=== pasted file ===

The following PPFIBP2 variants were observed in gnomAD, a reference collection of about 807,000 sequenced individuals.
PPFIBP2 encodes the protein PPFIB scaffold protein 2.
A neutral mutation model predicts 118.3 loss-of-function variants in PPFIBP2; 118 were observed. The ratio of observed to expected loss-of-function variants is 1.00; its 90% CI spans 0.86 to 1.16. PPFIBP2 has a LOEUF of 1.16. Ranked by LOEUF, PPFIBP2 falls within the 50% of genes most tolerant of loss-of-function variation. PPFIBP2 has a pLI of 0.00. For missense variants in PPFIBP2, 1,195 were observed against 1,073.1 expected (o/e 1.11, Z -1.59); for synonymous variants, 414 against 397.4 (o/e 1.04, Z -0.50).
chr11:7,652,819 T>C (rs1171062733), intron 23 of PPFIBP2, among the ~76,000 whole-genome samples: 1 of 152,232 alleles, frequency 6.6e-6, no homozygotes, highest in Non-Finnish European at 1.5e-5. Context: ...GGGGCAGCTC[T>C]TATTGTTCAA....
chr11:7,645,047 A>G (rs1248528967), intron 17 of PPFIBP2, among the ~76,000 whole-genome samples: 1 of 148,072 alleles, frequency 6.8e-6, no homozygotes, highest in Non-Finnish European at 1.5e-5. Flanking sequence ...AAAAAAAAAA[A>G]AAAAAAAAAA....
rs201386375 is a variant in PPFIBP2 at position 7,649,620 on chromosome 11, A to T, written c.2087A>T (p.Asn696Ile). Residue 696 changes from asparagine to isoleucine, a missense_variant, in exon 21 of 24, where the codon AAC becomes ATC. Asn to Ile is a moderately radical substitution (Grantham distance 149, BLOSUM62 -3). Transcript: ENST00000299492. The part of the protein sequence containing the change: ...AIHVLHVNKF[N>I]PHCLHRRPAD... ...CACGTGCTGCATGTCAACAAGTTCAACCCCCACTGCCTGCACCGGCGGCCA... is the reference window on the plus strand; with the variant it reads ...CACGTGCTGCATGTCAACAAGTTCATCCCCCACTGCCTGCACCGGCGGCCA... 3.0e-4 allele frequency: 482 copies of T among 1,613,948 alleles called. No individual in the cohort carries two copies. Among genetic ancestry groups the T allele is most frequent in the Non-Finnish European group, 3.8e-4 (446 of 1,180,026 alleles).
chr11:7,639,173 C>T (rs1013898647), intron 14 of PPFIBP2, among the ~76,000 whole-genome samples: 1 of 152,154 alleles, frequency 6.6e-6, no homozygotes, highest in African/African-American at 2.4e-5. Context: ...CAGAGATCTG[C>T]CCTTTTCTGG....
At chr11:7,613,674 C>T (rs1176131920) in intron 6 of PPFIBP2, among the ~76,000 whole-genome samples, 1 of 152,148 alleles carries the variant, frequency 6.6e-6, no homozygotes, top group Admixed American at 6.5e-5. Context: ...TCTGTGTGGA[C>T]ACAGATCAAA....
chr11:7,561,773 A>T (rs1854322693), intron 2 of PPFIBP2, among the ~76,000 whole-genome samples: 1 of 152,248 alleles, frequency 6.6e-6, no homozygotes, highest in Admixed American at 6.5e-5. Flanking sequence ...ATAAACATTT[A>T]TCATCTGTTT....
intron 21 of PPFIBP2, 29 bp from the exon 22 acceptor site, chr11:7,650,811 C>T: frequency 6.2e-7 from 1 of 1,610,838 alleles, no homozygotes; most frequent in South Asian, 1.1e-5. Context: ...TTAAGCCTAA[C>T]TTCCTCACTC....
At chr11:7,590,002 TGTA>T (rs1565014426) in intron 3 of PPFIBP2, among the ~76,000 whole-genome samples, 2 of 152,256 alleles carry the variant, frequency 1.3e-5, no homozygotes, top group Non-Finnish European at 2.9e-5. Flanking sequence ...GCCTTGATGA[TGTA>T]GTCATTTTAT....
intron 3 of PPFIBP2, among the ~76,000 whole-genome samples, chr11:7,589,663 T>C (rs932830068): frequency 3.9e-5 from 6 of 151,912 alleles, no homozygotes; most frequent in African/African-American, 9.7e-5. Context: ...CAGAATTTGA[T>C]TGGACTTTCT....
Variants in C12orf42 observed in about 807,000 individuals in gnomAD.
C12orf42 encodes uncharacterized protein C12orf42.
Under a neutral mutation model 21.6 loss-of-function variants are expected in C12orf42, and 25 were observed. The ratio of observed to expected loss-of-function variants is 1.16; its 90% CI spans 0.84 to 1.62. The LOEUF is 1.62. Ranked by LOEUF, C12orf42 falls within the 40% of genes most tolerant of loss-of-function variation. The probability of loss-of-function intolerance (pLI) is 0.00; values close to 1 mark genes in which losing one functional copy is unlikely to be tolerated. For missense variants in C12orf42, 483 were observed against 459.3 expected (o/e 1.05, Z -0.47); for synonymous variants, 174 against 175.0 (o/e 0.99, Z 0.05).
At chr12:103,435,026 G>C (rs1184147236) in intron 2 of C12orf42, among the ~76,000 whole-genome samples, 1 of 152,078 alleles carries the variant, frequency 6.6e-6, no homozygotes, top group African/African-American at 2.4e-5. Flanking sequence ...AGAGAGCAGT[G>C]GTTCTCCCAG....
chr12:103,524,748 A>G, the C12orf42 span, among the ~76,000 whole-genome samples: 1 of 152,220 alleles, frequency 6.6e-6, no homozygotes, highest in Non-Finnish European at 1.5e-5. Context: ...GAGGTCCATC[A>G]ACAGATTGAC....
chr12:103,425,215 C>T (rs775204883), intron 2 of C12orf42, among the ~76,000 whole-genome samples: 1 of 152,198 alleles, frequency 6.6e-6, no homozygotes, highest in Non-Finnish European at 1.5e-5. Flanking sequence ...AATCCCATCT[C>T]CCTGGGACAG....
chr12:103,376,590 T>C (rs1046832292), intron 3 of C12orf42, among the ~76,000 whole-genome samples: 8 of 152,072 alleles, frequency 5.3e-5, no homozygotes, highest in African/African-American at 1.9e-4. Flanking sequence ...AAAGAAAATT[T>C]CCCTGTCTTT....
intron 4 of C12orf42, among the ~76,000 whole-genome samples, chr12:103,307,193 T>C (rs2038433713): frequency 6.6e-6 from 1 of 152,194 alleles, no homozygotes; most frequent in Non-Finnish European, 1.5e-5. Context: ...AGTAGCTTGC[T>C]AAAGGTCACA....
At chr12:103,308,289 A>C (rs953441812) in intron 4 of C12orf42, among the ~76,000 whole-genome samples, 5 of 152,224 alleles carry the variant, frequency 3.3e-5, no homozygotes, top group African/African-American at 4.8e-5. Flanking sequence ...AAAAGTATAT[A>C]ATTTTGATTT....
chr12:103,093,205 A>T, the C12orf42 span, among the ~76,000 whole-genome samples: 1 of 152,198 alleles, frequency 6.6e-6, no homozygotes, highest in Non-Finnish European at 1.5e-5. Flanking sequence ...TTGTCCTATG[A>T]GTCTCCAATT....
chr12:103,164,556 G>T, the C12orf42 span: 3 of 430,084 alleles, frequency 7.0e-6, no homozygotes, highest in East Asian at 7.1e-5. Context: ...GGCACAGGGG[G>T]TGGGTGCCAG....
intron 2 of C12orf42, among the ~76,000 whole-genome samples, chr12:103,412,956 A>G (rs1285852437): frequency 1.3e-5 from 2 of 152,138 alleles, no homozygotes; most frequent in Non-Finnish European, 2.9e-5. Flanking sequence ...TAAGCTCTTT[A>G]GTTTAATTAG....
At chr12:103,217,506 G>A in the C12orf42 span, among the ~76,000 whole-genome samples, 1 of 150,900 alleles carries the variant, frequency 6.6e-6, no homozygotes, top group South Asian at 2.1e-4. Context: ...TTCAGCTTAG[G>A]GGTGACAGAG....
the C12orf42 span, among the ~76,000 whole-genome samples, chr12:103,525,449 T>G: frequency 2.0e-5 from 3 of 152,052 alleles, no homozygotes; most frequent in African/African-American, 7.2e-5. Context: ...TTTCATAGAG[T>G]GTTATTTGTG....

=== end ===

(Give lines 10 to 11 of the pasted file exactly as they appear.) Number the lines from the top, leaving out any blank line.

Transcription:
intron 21 of PPFIBP2, 29 bp from the exon 22 acceptor site, chr11:7,650,811 C>T: frequency 6.2e-7 from 1 of 1,610,838 alleles, no homozygotes; most frequent in South Asian, 1.1e-5. Context: ...TTAAGCCTAA[C>T]TTCCTCACTC....
At chr11:7,590,002 TGTA>T (rs1565014426) in intron 3 of PPFIBP2, among the ~76,000 whole-genome samples, 2 of 152,256 alleles carry the variant, frequency 1.3e-5, no homozygotes, top group Non-Finnish European at 2.9e-5. Flanking sequence ...GCCTTGATGA[TGTA>T]GTCATTTTAT....